President judge, commissioners clash over salaries

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Raises for probation office supervisors have been a bone of contention between the Washington County commissioners and President Judge Debbie O’Dell Seneca since last year.


The latest showdown occurred Thursday in the Courthouse Square office building at a meeting of the county salary board.


The judge asked that the salary board grant raises she requested for court employees in November.


“We don’t want to raise taxes,” Commission Chairman Larry Maggi said during the course of a more than 15-minute discussion with O’Dell Seneca. In the ensuing discussion, Commission Vice Chairman Diana Irey Vaughan said the county Human Resources Department is reviewing job descriptions and assigning points in accordance with duties performed, but Charles Nichols, human resources director, was just told Wednesday to include court employees.


“For four years, the court has been asking to review some things and we’ve been doing some things piecemeal and I’ve been hearing about a point system that I know nothing about,” O’Dell Seneca said.


“I’m not sure that I buy into a point system. I need to know what you’re going to do to address some of these issues, and I need to know what your plan is.”


According to county salary records, two Juvenile Probation Department supervisors, both hired since 2000, made $60,781 last year, while three probation officers who were hired in the 1980s and are members of the bargaining unit made $63,232.


The chief juvenile and adult probation officers, both hired in the mid-1990s, made $67,602. An adult probation assistant chief made $64,250.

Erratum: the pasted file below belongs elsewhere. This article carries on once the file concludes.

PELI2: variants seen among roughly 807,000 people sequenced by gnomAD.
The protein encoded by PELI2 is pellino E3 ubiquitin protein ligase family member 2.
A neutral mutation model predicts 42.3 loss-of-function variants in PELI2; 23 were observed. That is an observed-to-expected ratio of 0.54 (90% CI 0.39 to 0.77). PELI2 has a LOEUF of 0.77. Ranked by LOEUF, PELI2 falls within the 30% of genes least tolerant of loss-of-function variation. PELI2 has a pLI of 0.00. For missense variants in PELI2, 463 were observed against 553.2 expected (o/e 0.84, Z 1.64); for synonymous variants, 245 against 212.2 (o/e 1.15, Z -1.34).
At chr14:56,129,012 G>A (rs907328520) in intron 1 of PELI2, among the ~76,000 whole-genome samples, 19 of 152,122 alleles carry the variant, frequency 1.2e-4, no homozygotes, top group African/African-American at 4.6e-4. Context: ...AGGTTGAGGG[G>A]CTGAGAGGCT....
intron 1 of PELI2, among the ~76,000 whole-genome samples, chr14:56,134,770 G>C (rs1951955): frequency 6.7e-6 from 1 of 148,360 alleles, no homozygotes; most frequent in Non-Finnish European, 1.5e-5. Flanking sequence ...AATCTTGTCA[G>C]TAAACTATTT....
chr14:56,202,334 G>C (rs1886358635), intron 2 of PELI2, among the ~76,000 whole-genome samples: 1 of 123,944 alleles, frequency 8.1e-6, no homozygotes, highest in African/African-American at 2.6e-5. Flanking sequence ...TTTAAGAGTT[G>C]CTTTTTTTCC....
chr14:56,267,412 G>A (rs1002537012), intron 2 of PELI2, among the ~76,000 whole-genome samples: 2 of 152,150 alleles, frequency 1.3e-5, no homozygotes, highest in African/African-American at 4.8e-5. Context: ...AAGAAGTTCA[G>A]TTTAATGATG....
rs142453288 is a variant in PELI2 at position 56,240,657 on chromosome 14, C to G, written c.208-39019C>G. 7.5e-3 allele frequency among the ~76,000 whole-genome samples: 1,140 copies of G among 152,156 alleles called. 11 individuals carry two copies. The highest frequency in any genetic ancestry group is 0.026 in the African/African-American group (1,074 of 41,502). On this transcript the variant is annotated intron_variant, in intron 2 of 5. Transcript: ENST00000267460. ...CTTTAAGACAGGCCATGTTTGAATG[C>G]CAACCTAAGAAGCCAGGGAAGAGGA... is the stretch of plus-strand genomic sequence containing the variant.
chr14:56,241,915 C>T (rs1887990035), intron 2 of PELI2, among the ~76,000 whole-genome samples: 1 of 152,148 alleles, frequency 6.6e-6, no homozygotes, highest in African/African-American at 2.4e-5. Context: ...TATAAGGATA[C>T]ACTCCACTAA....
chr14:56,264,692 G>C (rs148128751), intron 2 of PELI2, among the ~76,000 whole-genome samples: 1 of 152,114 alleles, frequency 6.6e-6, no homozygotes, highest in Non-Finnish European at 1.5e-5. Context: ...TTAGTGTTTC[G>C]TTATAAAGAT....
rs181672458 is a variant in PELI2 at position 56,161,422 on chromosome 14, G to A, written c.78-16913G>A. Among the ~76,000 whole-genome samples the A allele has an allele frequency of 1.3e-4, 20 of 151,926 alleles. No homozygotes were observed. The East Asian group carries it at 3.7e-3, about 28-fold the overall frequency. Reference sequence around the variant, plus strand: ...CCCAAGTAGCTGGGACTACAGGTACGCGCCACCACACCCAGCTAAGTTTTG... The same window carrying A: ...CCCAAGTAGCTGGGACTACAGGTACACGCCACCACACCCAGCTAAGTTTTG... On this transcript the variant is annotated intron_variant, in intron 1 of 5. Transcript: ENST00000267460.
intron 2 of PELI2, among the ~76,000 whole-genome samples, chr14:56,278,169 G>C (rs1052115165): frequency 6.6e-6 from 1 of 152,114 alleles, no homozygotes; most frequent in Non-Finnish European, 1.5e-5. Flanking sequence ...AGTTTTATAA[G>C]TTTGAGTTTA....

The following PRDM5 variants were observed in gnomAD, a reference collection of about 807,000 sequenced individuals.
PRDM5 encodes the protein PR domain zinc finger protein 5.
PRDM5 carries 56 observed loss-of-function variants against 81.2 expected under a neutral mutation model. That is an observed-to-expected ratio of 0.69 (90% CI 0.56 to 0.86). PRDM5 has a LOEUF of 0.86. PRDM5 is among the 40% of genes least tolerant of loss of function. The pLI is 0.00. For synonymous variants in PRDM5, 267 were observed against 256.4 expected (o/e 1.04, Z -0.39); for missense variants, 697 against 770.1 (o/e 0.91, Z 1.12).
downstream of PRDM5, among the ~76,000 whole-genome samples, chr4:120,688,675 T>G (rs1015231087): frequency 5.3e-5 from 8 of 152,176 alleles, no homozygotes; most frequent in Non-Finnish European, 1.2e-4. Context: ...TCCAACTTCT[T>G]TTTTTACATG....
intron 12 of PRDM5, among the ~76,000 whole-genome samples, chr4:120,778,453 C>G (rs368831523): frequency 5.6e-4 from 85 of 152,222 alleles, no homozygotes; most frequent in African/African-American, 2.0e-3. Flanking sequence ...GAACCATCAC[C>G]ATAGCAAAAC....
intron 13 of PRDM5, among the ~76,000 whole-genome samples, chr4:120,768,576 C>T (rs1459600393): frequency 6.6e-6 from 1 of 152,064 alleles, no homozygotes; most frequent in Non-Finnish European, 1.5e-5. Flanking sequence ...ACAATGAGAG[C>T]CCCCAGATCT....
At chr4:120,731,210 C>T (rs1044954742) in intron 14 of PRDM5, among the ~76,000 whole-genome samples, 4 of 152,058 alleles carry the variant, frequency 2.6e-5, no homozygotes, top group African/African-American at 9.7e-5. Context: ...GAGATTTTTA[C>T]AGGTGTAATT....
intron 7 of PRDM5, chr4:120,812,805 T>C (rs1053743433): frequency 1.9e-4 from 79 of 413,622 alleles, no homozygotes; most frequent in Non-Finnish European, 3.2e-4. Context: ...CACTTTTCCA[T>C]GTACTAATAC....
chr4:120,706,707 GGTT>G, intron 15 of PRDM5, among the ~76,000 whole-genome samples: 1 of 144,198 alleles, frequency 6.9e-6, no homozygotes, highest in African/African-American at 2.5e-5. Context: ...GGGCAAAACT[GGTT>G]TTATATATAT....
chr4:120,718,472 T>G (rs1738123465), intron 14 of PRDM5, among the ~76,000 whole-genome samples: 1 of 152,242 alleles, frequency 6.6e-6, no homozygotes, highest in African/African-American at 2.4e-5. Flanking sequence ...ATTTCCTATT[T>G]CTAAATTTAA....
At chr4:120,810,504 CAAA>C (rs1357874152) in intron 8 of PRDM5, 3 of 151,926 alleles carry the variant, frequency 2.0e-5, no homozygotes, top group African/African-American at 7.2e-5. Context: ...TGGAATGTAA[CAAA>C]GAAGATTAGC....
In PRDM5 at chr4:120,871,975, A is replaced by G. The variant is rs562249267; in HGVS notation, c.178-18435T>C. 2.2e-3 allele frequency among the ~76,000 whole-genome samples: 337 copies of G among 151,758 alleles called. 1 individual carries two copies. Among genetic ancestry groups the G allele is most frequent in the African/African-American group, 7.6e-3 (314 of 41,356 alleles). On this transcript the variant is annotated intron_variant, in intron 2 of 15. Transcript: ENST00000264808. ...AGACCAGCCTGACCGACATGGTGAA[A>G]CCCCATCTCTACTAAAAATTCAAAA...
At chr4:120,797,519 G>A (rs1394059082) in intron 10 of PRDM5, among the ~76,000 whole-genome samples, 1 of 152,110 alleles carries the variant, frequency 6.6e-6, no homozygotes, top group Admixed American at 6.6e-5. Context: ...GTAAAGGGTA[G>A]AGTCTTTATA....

Compounding the pay gap is overtime pay for probation officers under the terms of the union contract. Longevity, or length of county employment, also carries a monetary incentive.


The probation officers’ contract expired Dec. 31, and they are continuing to work under the terms of the old pact.


“I feel that a four-year wait has been sufficient and I’ve got to go forward,” O’Dell Seneca told the commissioners. “This point system, in my eight years as president judge, has never been invoked.”


Commissioner Harlan Shober said Washington County has gone as far as comparing salaries with those in other fourth-class counties, but the judge said in some counties “the chiefs are making $81,000-plus. I don’t want to get bogged down on one specific position.”


This dispute over court employees’ salaries became apparent during the county’s 2013 budget preparations in November when the commissioners said the treasury had not received $235,000 from the courts in 2012.


The money paid by offenders is first forwarded to the state and remitted back to courts to offset costs, including salaries of probation department employees. If the money had been deposited in the county treasury, as has occurred in the past, the commissioners said they could have retained more of its surplus.


Roger Metcalfe, county finance director, requested the $235,000 in April but was told by Tom Jess, deputy court administrator, that he didn’t know when the money would be turned over.


Irey Vaughan tabled the judge’s motion for raises pending a review of court employees’ salaries that should be completed within the next two months. The commissioners can make raises retroactive to the beginning of the year if they choose.


The commissioners and Controller Michael Namie voted to table the judge’s motion for raises for court employees. O’Dell Seneca cast the lone negative vote.


“In fairness, we need to get the point system done,” Irey Vaughan said after the meeting.


“We’ve got close to 1,000 employees,” Maggi said after the meeting. “She’s asking for raises which are very substantial, which throws the whole county compensation out of whack.”


At the beginning of the year, the commissioners granted 3 percent raises to county employees not covered by union contracts that are still under negotiation or will end up before a labor arbitrator.


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